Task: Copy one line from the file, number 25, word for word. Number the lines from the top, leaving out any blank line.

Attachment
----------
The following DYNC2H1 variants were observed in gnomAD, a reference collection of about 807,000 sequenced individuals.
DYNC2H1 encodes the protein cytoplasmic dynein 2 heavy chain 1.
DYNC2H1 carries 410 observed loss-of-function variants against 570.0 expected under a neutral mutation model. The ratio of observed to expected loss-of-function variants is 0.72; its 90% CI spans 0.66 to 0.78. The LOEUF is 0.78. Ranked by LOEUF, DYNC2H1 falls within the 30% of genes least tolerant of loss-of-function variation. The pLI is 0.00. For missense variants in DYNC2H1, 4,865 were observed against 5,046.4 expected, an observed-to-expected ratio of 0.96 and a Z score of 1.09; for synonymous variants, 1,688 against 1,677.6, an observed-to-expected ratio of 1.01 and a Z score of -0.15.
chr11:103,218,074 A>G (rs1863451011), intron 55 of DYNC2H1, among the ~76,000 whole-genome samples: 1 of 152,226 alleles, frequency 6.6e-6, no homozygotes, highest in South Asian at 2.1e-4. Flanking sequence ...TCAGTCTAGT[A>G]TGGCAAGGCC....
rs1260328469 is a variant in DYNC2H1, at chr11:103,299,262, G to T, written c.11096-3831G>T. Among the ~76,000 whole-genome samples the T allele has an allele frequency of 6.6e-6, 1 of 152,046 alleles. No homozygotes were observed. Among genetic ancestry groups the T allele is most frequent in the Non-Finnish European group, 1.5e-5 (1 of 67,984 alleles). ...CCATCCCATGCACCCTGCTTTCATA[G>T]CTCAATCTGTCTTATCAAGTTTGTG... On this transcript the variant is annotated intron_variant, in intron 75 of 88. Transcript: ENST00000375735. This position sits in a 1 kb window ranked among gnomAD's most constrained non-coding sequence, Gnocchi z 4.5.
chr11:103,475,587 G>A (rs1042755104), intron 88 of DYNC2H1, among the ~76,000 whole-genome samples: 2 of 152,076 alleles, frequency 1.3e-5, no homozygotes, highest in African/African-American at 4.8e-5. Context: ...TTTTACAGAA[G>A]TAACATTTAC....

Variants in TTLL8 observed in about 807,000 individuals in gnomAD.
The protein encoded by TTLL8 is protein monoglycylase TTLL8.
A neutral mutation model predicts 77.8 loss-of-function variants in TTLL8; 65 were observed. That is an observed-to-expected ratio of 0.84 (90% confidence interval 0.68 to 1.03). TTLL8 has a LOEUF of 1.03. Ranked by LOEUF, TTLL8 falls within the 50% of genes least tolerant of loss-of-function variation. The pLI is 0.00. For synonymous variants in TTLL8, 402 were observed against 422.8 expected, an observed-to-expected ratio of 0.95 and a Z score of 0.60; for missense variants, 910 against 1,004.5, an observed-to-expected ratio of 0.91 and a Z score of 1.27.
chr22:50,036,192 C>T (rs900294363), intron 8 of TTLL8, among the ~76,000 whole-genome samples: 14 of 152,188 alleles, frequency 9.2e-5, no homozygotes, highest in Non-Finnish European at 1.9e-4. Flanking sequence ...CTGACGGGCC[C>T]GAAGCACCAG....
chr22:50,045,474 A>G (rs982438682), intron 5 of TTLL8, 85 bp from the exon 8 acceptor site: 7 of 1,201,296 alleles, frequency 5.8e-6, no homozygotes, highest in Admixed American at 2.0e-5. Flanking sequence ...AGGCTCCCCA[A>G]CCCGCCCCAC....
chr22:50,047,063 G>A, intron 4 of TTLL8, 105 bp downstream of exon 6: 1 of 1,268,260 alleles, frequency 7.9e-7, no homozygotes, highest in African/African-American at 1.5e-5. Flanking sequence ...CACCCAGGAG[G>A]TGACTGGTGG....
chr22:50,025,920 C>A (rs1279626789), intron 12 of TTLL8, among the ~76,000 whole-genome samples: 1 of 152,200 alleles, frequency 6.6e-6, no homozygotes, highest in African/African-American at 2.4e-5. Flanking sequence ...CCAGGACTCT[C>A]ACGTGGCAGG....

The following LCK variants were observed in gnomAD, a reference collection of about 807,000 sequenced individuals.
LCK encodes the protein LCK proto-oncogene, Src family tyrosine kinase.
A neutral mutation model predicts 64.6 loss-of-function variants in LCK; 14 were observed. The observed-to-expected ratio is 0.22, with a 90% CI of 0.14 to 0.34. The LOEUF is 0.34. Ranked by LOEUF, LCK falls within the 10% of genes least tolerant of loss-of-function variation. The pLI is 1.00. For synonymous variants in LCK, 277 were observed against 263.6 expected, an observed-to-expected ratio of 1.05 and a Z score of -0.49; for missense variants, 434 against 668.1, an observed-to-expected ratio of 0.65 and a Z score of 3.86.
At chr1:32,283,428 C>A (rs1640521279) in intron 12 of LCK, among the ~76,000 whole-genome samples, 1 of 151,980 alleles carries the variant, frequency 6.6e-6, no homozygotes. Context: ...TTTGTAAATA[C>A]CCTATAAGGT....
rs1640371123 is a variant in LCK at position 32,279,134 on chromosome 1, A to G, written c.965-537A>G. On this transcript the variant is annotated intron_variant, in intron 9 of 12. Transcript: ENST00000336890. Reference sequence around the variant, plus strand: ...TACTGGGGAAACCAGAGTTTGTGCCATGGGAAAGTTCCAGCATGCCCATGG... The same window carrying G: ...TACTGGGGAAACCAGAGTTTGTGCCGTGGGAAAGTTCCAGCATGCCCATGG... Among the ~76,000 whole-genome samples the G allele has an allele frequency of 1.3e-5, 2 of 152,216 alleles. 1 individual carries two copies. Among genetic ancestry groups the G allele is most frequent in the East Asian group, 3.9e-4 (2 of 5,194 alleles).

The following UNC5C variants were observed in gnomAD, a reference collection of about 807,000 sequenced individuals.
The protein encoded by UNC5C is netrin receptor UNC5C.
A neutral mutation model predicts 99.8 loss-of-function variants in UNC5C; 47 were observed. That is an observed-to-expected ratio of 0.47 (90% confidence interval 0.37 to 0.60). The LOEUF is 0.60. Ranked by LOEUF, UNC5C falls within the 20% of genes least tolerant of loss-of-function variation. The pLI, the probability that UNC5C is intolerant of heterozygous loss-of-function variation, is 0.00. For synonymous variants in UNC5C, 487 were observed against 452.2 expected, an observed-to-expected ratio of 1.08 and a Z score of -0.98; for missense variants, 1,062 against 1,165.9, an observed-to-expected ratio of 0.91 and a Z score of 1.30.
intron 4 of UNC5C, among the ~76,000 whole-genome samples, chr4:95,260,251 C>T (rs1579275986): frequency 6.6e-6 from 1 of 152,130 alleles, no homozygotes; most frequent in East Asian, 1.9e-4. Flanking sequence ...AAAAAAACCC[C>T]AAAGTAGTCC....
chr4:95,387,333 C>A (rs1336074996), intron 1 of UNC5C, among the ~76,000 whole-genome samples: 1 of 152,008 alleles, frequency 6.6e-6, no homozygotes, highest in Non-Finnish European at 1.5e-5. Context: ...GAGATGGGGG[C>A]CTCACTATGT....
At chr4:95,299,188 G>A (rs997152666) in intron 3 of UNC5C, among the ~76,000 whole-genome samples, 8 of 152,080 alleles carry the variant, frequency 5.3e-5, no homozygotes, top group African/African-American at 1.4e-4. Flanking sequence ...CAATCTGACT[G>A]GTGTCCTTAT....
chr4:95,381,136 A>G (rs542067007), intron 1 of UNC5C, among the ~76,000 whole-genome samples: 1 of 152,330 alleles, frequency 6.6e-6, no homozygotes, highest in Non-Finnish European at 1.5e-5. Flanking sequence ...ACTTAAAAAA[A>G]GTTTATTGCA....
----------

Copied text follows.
chr4:95,381,136 A>G (rs542067007), intron 1 of UNC5C, among the ~76,000 whole-genome samples: 1 of 152,330 alleles, frequency 6.6e-6, no homozygotes, highest in Non-Finnish European at 1.5e-5. Flanking sequence ...ACTTAAAAAA[A>G]GTTTATTGCA....